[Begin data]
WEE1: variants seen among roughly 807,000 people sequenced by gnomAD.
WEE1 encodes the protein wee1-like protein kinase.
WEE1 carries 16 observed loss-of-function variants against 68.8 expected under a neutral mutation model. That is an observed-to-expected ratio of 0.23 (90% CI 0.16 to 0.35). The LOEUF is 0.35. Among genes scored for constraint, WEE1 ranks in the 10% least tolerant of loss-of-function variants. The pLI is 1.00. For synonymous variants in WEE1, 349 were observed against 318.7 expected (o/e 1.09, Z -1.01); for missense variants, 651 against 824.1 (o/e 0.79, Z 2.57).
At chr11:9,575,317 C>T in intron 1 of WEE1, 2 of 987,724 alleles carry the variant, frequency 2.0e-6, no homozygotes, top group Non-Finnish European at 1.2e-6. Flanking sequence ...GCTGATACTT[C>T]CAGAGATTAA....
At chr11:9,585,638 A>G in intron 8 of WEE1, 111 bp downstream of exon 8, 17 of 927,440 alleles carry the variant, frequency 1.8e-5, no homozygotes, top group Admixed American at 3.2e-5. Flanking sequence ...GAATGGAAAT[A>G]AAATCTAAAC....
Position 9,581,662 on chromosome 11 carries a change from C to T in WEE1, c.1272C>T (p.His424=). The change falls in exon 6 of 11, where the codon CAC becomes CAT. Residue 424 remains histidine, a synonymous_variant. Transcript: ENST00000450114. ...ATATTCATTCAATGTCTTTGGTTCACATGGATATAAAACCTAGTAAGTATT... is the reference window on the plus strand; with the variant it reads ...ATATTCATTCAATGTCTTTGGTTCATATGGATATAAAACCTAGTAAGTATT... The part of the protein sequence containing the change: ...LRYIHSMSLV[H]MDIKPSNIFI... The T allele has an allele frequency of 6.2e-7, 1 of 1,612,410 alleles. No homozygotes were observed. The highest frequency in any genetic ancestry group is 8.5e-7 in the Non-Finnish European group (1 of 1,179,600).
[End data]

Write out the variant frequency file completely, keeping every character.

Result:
WEE1: variants seen among roughly 807,000 people sequenced by gnomAD.
WEE1 encodes the protein wee1-like protein kinase.
WEE1 carries 16 observed loss-of-function variants against 68.8 expected under a neutral mutation model. That is an observed-to-expected ratio of 0.23 (90% CI 0.16 to 0.35). The LOEUF is 0.35. Among genes scored for constraint, WEE1 ranks in the 10% least tolerant of loss-of-function variants. The pLI is 1.00. For synonymous variants in WEE1, 349 were observed against 318.7 expected (o/e 1.09, Z -1.01); for missense variants, 651 against 824.1 (o/e 0.79, Z 2.57).
At chr11:9,575,317 C>T in intron 1 of WEE1, 2 of 987,724 alleles carry the variant, frequency 2.0e-6, no homozygotes, top group Non-Finnish European at 1.2e-6. Flanking sequence ...GCTGATACTT[C>T]CAGAGATTAA....
At chr11:9,585,638 A>G in intron 8 of WEE1, 111 bp downstream of exon 8, 17 of 927,440 alleles carry the variant, frequency 1.8e-5, no homozygotes, top group Admixed American at 3.2e-5. Flanking sequence ...GAATGGAAAT[A>G]AAATCTAAAC....
Position 9,581,662 on chromosome 11 carries a change from C to T in WEE1, c.1272C>T (p.His424=). The change falls in exon 6 of 11, where the codon CAC becomes CAT. Residue 424 remains histidine, a synonymous_variant. Transcript: ENST00000450114. ...ATATTCATTCAATGTCTTTGGTTCACATGGATATAAAACCTAGTAAGTATT... is the reference window on the plus strand; with the variant it reads ...ATATTCATTCAATGTCTTTGGTTCATATGGATATAAAACCTAGTAAGTATT... The part of the protein sequence containing the change: ...LRYIHSMSLV[H]MDIKPSNIFI... The T allele has an allele frequency of 6.2e-7, 1 of 1,612,410 alleles. No homozygotes were observed. The highest frequency in any genetic ancestry group is 8.5e-7 in the Non-Finnish European group (1 of 1,179,600).